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Michigan Chapter Six

Cadillac as Feudal Lord


CADILLAC seems to have regarded himself in relation to his colony at Detroit as lord of the manor, in accordance with the system then prevailing in France. He had good reasons for so regarding himself. Richelieu had set out to transplant in Canadian soil the seeds of French aristocracy. The king granted titles of nobility with no very wise discrimination and conferred seigniories upon almost any who would consent to go out to New France and undertake to occupy and improve the land.
The French feudal system of this period was greatly modified from that which had formerly prevailed. In the days of its greatest power every man was a lord or a vassal. The lands were partitioned among the former, who was the fief dominant, and to him the vassals owed not only taxation and dues, but also military service, homage and fidelity. Land ownership bestowed political, legislative and judicial power. The feudal lord was at once both proprietor and absolute sovereign over his vassals. He might himself be a vassal of a superior suzerain, since there were dukes, counts, viscounts, barons, marquises, etc., down a long line of nobles of varying degrees of rank and authority. It was an essential principle of a fief that there was mutual obligation of support and fidelity. Whatever this obligation of service laid upon the vassal a similar duty of protection was laid upon the lord. It was a mutual obligation and a transgression upon either side worked a forfeiture of land or seigniory. Nor were motives of interest left alone to operate in securing the feudal connection. The associations founded upon the ancient custom and friendly attachment, the impulses of gratitude and honor, the dread of infamy, the sanctions of religion were all employed to strengthen those ties and to render them equally powerful with the relations of nature and far more so than those of political society.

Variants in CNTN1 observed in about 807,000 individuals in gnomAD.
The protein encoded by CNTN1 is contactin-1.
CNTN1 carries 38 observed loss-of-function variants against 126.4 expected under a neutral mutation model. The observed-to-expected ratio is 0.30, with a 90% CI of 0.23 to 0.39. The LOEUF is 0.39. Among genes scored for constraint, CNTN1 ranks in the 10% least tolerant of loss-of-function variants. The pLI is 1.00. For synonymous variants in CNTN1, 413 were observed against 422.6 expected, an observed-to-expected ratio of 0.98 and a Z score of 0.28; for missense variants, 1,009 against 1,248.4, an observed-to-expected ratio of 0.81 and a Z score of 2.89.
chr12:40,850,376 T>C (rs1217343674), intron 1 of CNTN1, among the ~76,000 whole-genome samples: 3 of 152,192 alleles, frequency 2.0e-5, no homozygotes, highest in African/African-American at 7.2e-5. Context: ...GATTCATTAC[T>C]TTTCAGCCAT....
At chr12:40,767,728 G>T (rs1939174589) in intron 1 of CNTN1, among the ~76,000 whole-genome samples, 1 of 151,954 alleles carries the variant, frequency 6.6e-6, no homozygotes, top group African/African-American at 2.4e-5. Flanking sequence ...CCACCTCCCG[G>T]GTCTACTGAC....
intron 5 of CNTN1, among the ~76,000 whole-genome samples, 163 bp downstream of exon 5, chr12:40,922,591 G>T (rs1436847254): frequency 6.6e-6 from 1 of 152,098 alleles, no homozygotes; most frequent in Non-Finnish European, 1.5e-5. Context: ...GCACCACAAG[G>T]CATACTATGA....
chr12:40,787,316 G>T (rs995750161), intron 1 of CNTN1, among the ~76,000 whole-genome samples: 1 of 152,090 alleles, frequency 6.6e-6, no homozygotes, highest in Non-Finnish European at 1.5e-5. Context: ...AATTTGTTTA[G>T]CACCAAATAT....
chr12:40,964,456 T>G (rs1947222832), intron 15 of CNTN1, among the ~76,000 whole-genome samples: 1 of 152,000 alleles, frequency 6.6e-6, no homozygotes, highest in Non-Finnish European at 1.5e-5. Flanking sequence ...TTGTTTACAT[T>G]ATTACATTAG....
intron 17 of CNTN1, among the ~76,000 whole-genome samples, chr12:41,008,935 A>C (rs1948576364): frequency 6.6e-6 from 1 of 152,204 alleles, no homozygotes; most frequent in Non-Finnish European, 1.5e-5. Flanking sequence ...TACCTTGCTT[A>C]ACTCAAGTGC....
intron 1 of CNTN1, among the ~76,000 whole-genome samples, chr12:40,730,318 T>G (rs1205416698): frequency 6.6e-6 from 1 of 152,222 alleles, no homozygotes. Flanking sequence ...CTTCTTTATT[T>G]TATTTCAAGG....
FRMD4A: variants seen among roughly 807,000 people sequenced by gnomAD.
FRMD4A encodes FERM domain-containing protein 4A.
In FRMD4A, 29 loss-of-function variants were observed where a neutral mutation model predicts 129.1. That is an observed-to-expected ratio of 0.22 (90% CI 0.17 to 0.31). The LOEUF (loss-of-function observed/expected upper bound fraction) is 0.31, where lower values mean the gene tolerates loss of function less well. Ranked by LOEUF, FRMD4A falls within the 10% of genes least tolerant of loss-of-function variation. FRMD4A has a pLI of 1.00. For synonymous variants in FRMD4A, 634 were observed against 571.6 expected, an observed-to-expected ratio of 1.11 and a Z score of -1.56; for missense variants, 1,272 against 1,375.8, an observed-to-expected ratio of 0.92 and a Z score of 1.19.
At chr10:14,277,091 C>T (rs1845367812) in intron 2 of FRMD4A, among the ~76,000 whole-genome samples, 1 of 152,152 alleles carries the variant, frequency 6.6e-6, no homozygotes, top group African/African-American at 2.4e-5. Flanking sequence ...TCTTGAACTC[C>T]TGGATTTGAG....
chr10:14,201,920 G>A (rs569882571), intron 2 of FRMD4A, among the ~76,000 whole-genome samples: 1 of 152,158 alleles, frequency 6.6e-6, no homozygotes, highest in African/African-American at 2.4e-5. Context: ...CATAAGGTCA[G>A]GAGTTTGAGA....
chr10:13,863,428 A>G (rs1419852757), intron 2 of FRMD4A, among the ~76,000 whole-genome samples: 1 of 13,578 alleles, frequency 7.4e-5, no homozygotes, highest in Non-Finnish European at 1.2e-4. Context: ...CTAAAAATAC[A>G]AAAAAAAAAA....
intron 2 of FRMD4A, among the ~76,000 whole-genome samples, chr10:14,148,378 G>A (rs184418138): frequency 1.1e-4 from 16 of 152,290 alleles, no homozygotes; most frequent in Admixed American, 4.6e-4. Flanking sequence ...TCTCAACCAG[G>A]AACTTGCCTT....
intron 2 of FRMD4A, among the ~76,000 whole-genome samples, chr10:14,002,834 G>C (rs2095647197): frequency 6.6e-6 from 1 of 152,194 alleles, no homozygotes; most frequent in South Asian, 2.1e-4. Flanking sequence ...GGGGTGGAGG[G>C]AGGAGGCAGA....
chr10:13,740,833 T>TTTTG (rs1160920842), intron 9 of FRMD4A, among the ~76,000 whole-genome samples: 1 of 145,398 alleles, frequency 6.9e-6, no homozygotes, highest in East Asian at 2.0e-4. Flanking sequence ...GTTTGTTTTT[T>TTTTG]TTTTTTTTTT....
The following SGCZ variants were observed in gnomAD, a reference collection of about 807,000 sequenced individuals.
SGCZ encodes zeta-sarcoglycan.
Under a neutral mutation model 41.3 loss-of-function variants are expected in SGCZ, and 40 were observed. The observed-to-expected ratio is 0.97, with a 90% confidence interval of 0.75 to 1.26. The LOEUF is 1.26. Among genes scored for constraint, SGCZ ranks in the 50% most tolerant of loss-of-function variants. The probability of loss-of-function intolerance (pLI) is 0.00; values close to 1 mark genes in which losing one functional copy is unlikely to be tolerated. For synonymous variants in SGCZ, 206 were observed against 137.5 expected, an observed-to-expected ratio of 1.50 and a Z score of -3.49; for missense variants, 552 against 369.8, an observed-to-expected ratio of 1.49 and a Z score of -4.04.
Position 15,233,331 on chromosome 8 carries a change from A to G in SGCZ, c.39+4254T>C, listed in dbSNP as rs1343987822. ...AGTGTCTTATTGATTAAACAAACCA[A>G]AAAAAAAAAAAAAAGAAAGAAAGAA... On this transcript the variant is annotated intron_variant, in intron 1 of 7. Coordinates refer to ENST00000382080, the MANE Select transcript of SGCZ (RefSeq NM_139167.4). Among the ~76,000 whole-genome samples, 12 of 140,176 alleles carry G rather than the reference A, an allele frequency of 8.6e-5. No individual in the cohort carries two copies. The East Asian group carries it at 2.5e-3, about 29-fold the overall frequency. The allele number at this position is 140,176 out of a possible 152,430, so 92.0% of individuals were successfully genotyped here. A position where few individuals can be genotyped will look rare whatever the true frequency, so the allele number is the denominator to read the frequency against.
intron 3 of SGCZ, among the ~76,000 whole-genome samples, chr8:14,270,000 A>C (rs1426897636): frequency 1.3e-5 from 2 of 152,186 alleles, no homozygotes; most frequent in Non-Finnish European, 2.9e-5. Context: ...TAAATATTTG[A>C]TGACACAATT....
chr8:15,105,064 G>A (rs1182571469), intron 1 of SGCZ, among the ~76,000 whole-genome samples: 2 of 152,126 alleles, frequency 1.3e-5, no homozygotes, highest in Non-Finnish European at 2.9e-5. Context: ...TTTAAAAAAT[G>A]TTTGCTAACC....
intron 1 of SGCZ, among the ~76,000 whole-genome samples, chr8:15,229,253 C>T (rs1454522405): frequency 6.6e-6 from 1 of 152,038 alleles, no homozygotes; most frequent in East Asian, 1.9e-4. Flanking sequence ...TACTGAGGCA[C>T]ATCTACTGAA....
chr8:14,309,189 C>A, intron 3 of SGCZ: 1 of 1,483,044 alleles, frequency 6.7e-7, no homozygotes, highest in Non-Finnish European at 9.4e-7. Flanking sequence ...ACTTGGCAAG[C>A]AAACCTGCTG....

Michigan


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